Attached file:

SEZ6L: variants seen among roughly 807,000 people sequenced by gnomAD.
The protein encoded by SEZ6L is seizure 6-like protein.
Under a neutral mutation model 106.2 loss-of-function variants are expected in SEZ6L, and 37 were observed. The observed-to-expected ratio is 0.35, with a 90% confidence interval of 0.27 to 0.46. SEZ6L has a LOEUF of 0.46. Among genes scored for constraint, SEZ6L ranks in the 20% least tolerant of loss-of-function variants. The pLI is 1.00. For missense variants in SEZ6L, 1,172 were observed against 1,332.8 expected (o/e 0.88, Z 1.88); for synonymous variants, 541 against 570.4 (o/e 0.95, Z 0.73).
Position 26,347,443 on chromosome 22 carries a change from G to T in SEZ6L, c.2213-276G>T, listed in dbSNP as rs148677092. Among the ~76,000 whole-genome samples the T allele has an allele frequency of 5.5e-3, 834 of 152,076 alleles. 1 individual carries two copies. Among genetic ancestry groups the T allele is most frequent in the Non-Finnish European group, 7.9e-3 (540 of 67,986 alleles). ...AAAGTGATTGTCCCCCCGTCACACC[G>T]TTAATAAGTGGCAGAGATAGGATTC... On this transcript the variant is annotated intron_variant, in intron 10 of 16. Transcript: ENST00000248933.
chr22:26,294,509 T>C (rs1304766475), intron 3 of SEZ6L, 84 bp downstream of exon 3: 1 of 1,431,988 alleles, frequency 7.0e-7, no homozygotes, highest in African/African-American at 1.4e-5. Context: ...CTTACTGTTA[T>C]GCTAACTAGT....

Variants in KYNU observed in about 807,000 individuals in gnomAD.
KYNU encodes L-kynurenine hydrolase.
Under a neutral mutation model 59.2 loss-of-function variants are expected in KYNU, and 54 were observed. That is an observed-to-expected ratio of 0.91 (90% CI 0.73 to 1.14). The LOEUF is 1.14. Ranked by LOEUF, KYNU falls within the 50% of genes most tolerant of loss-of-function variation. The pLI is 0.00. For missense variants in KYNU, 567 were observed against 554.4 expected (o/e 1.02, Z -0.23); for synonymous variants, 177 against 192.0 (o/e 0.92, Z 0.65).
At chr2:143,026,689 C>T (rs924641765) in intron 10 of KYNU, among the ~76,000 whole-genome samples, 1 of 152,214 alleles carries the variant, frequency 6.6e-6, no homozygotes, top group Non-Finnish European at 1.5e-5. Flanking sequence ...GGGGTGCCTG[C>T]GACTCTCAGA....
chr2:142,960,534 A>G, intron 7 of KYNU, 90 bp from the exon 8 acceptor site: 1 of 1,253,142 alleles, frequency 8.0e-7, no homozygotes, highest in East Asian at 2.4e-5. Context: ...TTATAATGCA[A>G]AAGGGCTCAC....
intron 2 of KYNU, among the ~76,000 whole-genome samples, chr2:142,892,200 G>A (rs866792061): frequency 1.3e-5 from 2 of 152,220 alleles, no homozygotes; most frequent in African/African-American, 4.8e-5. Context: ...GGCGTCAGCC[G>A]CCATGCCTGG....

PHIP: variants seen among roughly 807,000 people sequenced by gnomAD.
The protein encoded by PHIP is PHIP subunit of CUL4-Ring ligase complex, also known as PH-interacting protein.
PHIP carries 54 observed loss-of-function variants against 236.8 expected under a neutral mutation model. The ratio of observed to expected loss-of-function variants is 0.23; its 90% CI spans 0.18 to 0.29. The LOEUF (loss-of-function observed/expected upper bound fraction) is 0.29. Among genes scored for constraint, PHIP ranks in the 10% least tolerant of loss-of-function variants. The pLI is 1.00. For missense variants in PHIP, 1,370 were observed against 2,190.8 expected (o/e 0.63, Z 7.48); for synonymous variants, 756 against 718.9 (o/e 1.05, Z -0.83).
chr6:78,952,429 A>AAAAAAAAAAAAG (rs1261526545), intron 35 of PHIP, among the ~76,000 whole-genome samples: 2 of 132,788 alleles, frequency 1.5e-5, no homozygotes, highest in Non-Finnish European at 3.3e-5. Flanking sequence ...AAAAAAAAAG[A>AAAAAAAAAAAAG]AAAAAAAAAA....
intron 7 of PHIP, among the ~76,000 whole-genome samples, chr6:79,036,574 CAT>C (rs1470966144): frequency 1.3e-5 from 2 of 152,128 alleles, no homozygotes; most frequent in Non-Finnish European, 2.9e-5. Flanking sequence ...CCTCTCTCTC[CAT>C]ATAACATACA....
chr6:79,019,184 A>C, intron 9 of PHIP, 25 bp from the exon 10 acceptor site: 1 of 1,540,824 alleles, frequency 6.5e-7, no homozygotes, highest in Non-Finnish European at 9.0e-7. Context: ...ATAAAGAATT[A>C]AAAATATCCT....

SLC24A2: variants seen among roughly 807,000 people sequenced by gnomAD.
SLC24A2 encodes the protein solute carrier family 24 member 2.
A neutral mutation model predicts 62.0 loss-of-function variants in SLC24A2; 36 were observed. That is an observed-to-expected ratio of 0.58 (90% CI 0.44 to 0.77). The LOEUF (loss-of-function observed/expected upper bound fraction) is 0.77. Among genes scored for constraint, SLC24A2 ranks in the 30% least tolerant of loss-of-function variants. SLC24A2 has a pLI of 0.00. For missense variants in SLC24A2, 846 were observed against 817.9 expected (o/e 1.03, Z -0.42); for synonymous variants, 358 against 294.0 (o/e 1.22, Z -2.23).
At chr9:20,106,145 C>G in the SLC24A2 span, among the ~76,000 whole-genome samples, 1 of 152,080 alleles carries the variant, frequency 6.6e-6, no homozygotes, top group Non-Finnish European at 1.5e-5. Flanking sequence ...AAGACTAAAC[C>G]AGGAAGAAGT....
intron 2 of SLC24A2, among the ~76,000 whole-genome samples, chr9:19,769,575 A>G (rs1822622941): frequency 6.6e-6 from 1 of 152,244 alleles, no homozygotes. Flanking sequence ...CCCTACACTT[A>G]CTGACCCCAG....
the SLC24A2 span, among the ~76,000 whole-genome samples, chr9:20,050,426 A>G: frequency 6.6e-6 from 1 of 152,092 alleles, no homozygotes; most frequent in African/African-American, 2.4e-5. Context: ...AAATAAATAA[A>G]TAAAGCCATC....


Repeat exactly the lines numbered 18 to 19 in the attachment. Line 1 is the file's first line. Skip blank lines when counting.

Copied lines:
SLC24A2: variants seen among roughly 807,000 people sequenced by gnomAD.
SLC24A2 encodes the protein solute carrier family 24 member 2.